Kalamazoo County Jail numbers are down; new programs likely to bring them lower

Editor's note: This story is part of Southwest Michigan's Second Wave's On the Ground Kalamazoo series.

KALAMAZOO, MI — The COVID pandemic had some hidden side effects that most people don’t notice — but police officers do.
“People became more isolated. People had less services. And people had more time to be reflective in their own minds as opposed to having anybody to work with them,” says Kalamazoo County Sheriff Richard Fuller.
In a society where everyone dials 911 for help, the social isolation during COVID and subsequent issues that grew out of it has left law enforcement officers to deal with more people who are struggling with mental health and substance use disorders, he says.
“If you have a problem in your life, you call 911,” he says.  But he also says,” Our world has to figure out that 911 is not the only answer.”
Sheriff Richard Fuller says the renovation of the Kalamazoo County Jail in 2011 allows for more programming to help inmates.With that in mind, the Sheriff’s Office will launch a spate of programs in April that are intended to help people leave the county jail in better shape than they entered — in terms of coping with life.
“Today in law enforcement, we see more people with substance use disorders,” Fuller says. “We’re seeing more people who are dealing with mental health disorders. And those two things right there sometimes are combined.”
More calls for scary situations
He remembers that as a patrol division sergeant more than 20 years ago, he would respond to about nine calls a night.
“Maybe one or two of them a week would be ‘heightened,’ meaning it was a dangerous situation, a scary situation, or something that could really take a lot of time and energy,” says Fuller, who is now in his 16th year as sheriff of Kalamazoo County.
“Now, our team members, our deputies out there, are seeing multiple (situations) a night,” he says. “They’re taking more than nine calls a night. There’s more requests for service than ever before and I try to remind people that law enforcement can’t be the only answer. … Law enforcement can’t be the only people that respond to these things.”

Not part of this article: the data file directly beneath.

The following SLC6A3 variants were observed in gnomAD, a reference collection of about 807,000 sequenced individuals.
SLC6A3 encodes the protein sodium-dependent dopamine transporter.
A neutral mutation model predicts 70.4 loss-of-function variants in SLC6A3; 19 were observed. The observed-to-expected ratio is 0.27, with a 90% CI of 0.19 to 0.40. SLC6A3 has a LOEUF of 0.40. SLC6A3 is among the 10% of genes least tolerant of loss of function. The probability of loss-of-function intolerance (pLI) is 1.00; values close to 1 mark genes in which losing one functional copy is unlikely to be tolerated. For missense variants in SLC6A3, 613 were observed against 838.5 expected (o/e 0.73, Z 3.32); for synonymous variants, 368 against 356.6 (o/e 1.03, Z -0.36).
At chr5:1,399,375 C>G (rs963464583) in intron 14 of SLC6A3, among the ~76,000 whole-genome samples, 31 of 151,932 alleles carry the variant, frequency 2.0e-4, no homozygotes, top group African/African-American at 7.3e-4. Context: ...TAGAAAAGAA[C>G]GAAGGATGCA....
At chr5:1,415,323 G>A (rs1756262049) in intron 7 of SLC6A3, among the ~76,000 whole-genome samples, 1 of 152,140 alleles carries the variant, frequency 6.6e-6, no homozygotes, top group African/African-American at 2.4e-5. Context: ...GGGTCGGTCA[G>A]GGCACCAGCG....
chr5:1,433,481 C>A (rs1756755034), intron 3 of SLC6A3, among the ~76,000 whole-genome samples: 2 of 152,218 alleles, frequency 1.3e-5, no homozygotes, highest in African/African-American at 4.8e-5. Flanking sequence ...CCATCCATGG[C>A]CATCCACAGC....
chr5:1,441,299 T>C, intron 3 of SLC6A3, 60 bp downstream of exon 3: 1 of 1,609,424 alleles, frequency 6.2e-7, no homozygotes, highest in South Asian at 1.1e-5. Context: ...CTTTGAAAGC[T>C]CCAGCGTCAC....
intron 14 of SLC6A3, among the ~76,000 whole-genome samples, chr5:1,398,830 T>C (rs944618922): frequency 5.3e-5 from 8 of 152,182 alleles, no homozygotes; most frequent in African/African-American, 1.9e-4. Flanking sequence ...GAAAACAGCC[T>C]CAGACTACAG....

The daily number of people incarcerated at the Kalamazoo County Jail dropped at the start of the COVID-19 pandemic and is even lower now.So the department is working to increase the services available to help inmates combat a range of issues from coping with substance use disorders and mental health needs, to addressing any of their educational and job-readiness needs. All of those aims fall under the umbrella of “Enhanced Inmate Initiatives,” and will include a program that originated at the Genesee County Sheriff’s Office called IGNITE. The acronym stands for Inmate Growth Naturally and Intentionally Through Education.
Making things better than before
Capt. Logan Bishop, who is administrator of the county jail at 1500 Lamont Ave., says the local facility has set a standard that it continues to try to reach: to release people back into society healthier and in a better place than when they in came in.
“We’re at the point now where we are getting ready to launch IGNITE in the next month,” Bishop says. “And that is going to encompass every one of those things.”
The program, which is available to inmates voluntarily, hopes to benefit those who will be housed at the jail for short or long stay and start by assessing each participating inmate’s education level as well as his or her situation in the corrections system. 

Capt. Logan Bishop is excited about programming that will be launched in April 2024 at the Kalamazoo County Jail.Bishop says it will ask, “What is their long-term outlook at the jail? Are they here for a very serious crime where they’re not going to be able to post bond? Are they going to be sentenced for a crime? Are they only going to be here for a couple of weeks and then turned around and be released?”
Helping people make connections
Bishop says, “What we hope to accomplish is: identifying where they are on their current path; plugging them into some system — whether it be adult education, whether it be our medical-assisted treatment program which focuses specifically on substance use, or something else.”
With IGNITE and other programs, the sheriff’s office plans to partner with the Kalamazoo Public Schools, Michigan Works, NIAAA (National Institute on Alcohol Abuse and Alcoholism), and the Department of Health and Human Services (a program for new mothers and a program that mirrored that for new fathers or anyone who wants to be a better parent). Fuller says the jail will start slowly (continuing programs it has provided for many years), then increase opportunities for people to learn new life skills, anger management, and money management.